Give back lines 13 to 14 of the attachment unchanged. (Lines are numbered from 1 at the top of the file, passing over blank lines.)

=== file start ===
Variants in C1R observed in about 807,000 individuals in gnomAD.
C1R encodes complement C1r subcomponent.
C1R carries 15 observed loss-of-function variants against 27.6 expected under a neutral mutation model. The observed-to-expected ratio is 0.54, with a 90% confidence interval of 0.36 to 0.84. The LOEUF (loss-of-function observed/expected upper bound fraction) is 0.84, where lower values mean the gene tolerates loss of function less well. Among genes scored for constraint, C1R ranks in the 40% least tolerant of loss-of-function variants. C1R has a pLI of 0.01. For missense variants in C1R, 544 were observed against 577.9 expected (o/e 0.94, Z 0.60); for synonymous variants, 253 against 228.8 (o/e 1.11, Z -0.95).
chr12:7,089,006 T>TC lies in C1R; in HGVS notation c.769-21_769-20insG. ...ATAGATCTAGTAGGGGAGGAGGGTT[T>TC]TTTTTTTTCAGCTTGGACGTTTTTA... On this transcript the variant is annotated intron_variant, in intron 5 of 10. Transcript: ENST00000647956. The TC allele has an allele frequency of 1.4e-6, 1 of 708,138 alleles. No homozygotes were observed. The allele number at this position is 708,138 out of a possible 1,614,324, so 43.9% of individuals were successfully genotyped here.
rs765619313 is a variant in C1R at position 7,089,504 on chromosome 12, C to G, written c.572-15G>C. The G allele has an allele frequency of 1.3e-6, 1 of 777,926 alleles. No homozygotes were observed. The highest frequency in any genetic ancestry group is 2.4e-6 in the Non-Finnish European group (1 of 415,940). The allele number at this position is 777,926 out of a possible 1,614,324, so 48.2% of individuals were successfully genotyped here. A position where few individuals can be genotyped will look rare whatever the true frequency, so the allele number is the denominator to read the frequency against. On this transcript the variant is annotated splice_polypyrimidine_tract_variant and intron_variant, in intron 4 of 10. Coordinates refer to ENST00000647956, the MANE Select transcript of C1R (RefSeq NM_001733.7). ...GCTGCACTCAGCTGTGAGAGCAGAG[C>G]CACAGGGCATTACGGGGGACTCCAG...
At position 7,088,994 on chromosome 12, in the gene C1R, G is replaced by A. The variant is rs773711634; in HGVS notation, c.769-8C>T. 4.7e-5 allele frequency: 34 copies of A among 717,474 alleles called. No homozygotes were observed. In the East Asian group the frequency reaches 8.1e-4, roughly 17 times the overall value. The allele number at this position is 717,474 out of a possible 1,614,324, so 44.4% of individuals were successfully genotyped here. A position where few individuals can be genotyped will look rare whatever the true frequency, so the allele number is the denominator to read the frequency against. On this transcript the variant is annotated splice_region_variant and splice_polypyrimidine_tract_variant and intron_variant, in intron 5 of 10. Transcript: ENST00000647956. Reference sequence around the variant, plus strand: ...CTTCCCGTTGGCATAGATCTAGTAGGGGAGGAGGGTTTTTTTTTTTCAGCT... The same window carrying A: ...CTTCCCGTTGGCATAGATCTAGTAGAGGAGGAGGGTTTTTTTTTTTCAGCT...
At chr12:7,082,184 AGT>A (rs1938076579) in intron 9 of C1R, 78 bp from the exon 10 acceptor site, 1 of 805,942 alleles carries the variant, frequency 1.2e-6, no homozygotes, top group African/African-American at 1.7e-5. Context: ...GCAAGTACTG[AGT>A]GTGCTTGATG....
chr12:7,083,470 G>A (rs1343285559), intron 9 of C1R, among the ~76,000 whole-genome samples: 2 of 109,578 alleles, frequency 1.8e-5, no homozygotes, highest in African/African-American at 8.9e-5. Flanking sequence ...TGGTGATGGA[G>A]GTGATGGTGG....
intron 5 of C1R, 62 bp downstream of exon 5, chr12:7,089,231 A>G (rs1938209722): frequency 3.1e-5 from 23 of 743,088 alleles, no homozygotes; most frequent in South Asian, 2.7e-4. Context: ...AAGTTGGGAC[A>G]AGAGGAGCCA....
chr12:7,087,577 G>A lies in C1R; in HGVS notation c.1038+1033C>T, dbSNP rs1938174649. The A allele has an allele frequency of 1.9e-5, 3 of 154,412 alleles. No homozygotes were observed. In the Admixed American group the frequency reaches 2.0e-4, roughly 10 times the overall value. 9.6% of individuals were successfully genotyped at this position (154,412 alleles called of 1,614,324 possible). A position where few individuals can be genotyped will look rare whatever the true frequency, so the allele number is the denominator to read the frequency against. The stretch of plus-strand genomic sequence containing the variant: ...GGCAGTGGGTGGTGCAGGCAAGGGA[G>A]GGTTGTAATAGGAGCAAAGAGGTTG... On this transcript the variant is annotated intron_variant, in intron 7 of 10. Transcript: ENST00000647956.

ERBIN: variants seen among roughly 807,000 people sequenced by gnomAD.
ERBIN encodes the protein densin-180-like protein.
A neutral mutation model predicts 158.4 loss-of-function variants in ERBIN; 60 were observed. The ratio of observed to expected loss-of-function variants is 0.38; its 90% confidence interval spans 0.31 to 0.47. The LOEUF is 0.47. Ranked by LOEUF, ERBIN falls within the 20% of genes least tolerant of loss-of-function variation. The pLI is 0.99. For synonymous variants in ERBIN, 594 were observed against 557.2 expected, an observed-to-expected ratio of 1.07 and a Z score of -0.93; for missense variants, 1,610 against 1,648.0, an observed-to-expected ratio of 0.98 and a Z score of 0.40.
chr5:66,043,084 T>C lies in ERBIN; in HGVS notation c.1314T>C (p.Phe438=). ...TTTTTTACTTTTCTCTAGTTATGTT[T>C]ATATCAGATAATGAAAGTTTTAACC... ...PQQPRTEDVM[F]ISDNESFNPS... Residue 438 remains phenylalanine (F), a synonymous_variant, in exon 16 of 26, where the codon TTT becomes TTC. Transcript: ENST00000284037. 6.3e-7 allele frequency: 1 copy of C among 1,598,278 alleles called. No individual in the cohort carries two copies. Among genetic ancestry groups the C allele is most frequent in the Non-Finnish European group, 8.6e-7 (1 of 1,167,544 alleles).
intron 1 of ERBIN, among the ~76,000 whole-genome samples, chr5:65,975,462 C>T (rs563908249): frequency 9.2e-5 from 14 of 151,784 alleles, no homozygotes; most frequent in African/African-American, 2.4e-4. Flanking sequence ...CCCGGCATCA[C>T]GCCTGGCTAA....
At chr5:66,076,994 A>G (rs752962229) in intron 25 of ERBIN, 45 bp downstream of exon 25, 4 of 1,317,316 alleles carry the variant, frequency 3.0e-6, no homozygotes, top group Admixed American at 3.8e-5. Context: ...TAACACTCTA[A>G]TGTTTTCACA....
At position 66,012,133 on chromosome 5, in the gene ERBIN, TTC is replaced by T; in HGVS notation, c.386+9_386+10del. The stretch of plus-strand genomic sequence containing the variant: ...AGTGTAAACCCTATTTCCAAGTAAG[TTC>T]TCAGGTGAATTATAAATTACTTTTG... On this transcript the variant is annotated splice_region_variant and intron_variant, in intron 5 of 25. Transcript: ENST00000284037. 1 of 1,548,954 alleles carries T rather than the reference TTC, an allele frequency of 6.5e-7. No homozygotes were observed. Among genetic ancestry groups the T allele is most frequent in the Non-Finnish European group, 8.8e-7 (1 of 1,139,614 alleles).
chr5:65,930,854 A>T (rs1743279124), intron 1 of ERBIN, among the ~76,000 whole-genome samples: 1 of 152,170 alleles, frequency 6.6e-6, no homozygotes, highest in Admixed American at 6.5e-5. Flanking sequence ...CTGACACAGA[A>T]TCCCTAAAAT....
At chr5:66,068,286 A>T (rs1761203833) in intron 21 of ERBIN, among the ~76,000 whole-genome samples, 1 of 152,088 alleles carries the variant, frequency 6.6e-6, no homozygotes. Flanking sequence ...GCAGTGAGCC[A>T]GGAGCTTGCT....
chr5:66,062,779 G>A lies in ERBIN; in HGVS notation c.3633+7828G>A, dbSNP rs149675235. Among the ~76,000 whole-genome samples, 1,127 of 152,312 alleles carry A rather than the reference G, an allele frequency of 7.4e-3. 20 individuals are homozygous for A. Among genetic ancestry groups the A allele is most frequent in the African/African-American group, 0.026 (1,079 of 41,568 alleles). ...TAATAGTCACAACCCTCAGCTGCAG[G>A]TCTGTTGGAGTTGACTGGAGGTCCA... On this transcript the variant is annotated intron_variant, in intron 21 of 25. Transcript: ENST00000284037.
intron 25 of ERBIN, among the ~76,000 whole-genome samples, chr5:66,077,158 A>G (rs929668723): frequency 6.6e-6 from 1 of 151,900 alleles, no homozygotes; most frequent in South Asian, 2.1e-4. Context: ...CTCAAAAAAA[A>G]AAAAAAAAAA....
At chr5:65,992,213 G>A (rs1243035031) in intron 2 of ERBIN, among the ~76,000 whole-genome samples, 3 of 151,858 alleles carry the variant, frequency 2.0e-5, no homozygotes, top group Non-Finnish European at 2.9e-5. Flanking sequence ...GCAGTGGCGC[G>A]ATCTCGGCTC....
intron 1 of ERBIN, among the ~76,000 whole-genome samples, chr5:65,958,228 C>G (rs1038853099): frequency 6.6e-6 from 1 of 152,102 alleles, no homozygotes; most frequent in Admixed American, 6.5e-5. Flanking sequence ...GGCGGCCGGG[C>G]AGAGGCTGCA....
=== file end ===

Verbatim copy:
A neutral mutation model predicts 158.4 loss-of-function variants in ERBIN; 60 were observed. The ratio of observed to expected loss-of-function variants is 0.38; its 90% confidence interval spans 0.31 to 0.47. The LOEUF is 0.47. Ranked by LOEUF, ERBIN falls within the 20% of genes least tolerant of loss-of-function variation. The pLI is 0.99. For synonymous variants in ERBIN, 594 were observed against 557.2 expected, an observed-to-expected ratio of 1.07 and a Z score of -0.93; for missense variants, 1,610 against 1,648.0, an observed-to-expected ratio of 0.98 and a Z score of 0.40.
chr5:66,043,084 T>C lies in ERBIN; in HGVS notation c.1314T>C (p.Phe438=). ...TTTTTTACTTTTCTCTAGTTATGTT[T>C]ATATCAGATAATGAAAGTTTTAACC... ...PQQPRTEDVM[F]ISDNESFNPS... Residue 438 remains phenylalanine (F), a synonymous_variant, in exon 16 of 26, where the codon TTT becomes TTC. Transcript: ENST00000284037. 6.3e-7 allele frequency: 1 copy of C among 1,598,278 alleles called. No individual in the cohort carries two copies. Among genetic ancestry groups the C allele is most frequent in the Non-Finnish European group, 8.6e-7 (1 of 1,167,544 alleles).